Most of us start in metal clay by making a pair of dangling earrings with a texture sheet. Some people prefer post earrings, with a stone setting. It turns out that post earrings are quite easily made. The secret is to use titanium ear posts with silver or bronze clay.
Titanium ear posts are available from most suppliers of jewelry supplies. While stainless steel and sterling will often become brittle after a trip through the kiln, titanium is safe up to 1650 degrees F. That is why you need to restrict yourself to silver and bronze — copper fires at a higher temperature.
The ear posts, out of the package, are as seen below.
To convert them into earrings, one cuts thin disks of metal clay. I used 1 mm thick, but other thicknesses would work. I placed bezel cups inside the disks. Be sure to match metals on the cups and clay. A silver bezel cup will sinter with silver, and a bronze cup with bronze. Other than that, and undesirable chemical reactions are possible.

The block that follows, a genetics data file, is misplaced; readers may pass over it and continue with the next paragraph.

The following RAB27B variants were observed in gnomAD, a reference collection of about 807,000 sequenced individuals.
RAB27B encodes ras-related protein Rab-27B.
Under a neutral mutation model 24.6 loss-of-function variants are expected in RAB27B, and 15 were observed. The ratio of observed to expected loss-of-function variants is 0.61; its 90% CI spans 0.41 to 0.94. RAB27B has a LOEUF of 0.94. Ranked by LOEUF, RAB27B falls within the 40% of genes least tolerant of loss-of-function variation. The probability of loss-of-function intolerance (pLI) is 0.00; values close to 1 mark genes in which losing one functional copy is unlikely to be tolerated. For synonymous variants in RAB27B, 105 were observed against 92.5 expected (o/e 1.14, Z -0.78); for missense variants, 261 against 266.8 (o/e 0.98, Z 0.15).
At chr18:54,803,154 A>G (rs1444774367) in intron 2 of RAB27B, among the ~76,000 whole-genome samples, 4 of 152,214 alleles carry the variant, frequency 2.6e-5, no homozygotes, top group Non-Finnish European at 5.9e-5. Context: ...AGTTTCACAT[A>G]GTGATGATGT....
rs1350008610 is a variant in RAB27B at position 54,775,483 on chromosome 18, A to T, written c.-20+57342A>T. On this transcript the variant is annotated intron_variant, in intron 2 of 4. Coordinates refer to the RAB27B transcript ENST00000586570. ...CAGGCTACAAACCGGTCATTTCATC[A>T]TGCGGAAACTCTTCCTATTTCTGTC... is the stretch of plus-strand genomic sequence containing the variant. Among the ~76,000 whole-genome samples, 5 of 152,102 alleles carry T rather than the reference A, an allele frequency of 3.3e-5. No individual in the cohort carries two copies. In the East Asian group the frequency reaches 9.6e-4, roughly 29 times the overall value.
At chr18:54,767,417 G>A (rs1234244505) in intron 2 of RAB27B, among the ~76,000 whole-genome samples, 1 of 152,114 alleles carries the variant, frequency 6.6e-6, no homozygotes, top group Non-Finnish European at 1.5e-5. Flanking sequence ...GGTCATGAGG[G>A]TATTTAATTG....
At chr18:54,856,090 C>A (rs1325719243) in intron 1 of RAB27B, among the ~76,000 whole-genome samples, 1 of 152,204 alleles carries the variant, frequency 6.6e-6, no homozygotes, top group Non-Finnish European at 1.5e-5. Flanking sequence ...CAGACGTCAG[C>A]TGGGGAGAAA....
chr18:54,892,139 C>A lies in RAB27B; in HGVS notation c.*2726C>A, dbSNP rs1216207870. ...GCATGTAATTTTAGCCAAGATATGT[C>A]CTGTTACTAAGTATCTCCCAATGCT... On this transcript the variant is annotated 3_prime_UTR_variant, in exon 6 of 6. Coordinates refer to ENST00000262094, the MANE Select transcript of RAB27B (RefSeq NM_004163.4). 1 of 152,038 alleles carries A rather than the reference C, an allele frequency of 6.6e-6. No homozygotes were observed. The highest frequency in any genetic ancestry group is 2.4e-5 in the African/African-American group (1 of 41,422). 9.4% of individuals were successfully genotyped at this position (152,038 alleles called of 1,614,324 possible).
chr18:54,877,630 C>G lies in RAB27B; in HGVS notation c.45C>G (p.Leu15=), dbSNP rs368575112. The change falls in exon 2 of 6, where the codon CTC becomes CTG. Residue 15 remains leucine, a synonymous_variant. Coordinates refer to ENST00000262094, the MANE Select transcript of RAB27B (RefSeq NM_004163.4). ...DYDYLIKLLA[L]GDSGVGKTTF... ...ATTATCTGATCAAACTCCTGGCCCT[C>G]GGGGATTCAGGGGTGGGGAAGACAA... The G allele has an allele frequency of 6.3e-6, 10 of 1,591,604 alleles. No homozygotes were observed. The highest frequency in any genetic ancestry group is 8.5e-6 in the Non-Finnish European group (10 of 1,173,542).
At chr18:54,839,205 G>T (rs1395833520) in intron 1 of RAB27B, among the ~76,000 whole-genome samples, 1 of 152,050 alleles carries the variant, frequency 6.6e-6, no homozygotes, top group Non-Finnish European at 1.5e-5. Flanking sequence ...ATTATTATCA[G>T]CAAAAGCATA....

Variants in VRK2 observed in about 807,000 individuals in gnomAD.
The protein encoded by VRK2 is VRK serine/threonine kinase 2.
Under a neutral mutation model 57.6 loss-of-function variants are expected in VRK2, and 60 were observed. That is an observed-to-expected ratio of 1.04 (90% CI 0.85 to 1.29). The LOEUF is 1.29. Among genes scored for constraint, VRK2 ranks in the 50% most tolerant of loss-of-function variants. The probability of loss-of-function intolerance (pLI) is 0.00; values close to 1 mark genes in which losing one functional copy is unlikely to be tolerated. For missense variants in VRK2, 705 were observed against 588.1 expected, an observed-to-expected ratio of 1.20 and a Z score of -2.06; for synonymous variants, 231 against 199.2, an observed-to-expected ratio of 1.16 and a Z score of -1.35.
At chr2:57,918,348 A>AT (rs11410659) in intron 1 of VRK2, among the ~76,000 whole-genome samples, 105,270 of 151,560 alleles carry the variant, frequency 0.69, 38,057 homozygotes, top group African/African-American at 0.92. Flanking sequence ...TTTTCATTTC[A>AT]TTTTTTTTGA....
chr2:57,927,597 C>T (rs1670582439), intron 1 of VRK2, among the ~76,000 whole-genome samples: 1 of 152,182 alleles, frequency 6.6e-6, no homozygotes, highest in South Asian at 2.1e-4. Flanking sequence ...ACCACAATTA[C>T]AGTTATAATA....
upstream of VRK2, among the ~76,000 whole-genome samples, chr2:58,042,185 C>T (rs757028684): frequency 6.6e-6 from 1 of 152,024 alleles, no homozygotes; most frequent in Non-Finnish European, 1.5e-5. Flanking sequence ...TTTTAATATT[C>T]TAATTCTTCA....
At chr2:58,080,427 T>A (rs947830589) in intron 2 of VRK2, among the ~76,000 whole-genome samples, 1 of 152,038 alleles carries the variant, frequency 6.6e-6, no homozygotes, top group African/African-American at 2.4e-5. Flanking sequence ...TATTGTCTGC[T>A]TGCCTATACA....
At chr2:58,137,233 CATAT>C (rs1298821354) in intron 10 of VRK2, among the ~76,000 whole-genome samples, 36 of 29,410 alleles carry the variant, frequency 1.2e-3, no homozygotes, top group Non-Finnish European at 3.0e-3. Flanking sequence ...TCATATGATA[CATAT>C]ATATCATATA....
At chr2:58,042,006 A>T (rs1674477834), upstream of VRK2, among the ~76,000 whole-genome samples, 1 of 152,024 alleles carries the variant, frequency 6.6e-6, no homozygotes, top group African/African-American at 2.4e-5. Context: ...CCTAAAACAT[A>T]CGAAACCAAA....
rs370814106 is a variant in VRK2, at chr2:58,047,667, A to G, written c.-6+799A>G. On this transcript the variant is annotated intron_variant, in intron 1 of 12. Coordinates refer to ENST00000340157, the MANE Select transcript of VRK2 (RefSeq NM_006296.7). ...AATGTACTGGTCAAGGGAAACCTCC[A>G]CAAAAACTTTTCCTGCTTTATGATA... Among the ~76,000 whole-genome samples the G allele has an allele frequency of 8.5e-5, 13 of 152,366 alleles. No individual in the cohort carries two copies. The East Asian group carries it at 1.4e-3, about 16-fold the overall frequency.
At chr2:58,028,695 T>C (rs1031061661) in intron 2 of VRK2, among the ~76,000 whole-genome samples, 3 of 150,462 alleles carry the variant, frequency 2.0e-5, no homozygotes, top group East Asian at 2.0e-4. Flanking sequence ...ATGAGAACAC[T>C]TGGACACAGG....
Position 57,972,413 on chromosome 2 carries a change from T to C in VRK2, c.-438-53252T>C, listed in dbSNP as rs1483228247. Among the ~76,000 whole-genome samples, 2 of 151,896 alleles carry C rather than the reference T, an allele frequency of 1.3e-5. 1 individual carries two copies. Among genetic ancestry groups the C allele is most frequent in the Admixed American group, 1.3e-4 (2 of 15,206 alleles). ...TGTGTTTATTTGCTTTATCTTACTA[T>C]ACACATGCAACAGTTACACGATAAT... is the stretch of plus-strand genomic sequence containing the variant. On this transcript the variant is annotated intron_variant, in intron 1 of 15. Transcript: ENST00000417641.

When these are dry, turn them upside down. Place the ear post on the back of the disk, and use more clay to affix it in place. It is not crucial that the ear post be straight, although you should make it as straight as you can manage. Minor errors can be fixed with pliers after it is fired.
After the clay dried, I sanded it to make the backs as flat as possible. They don’t need to be perfect. They just need to be close enough to wear comfortably. After sanding, I fired, brushed, and tumbled, as usual. I set the bezel cups with chalcedony, a stone I really like but, for some reason, rarely use. Since the fine silver bezel cups are soft, it is not hard to bend the edges so they will hold the stones in place.
The finished product appears above.
If you, or your client, prefer post earrings, there is no reason not to use metal clay. Just be sure to use titanium ear posts!